Silver screen tax breaks can be golden
There’s a struggle afoot in Hollywood. At issue are tax breaks. Studios want them, to keep from moving film and TV productions to tax-friendlier locales, as happened when ABC’s “Ugly Betty” moved to New York.
California governator Arnold Schwarzenegger says no deal with Democratic legislators is forthcoming. Marvel Entertainment (NYSE: MVL) seems to think it can help.
That’s according to “Iron Man” director Jon Favreau, in the gossip blog Deadline Hollywood Daily. “They’re willing to make a commitment to keep all four productions here in town. They’re looking for existing studio space right now,” Favreau said.
He’s referring to Marvel’s next four self-produced films: “Iron Man 2,” “Thor,” “Captain America” and “The Avengers.” Reportedly, the comic book king would pledge $600 million in production spending in California in exchange for some sort of tax relief. How much relief? “Marvel got an eight-figure rebate check on ‘The Incredible Hulk,’ which was shot in Canada,” Favreau told DHD.
Eight figures? That’s at least $10 million, a terrific windfall for a company whose 37.4 percent effective tax rate resulted in $58 million in cash tax payments over the last 12 months. Any sort of credit related to Marvel’s $600 million in already planned film spending would add muscle to its mighty cash-flow machine.
Perhaps Marvel understands Hollywood far better than we think.
Ask the Fool
Q. Why do stock prices rise and fall from day to day? – D.O., Plano, Texas
A. Over the long run, a company’s stock price changes reflect the changing value of the company. But over the short term, lots of things can move a stock, sometimes senselessly. Some possibilities include: investors reacting to earnings reports, changes in management, new products or services, big contracts landed or lost, famous investors reportedly buying or selling shares, and write-ups in the media. Other factors include: analysts upgrading or downgrading the stocks, the overall stock market rising or falling, other stocks in the same industry rising or falling, heightened fear or greed among investors, good or bad news regarding a competitor, lawsuits filed or won or lost, the prospect of legislation affecting the company’s future, changes in supply or demand for the company’s offerings, global expansion or retrenchment, the industry is “hot” and people expect big things, the company might buy or be bought by another company, or the company will spin off a division.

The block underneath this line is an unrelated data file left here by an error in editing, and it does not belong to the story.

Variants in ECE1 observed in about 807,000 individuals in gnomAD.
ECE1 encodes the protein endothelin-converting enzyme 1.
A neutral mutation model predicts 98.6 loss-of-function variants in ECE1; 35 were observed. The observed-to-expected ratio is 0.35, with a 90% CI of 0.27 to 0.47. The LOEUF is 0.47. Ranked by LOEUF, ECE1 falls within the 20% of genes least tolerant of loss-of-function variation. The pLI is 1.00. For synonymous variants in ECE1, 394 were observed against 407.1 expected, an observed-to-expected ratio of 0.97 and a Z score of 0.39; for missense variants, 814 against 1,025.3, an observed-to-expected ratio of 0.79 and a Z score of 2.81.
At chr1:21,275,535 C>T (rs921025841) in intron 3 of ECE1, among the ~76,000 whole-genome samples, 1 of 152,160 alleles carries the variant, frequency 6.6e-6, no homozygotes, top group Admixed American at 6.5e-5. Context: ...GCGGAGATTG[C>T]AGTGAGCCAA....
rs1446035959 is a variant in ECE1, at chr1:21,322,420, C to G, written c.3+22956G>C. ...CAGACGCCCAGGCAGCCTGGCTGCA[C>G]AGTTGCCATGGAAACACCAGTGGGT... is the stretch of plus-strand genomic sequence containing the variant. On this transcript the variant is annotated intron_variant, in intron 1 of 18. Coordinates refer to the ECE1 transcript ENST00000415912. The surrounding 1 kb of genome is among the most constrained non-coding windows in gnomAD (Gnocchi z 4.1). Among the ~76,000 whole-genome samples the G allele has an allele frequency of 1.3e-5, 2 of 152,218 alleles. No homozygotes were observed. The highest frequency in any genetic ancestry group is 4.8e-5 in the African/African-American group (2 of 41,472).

Ignore short-term moves. Focus instead on a company’s long-term growth and health.
Q. What’s a stock’s “float”? – P.S., South Bend, Ind.
A. It’s the portion of shares outstanding available to be traded by the public. It’s good to pay attention to this number with smaller companies, as stocks with small floats (referred to as “thinly traded”) can be extra volatile.
Consider Porcine Aviation (ticker: PGFLY), for example. If it has 50 million shares outstanding, but you learn that the firm’s founder owns 49 million of them, that leaves a float of just 1 million shares. This means that a modest demand for shares may send the stock price soaring, as supply is so limited. And vice versa.
My dumbest investment
My dumbest investment was buying into a fuel cell maker at $32 per share after it fell from above $100. I didn’t pay attention, and it collapsed again, to single digits. I did no research. It just seemed like a cool local company with a good product. Its management seems to have changed their strategy for the better, so if they survive, I might get my money back in … who knows how long. Do your research! – B.G., online
The Fool Responds: You were right to consider a local company, because those are often the ones we know best. You might, for example, have friends who work there and who have a sense of how the firm is doing within its industry. You were wrong, though, not to do any research into it. Alternative energy is an important and growing field, but not every company in it will prosper. Look to see which firms are growing their sales and earnings, have little or falling debt, have a strong competitive position, and are not depending on a single product for revenue.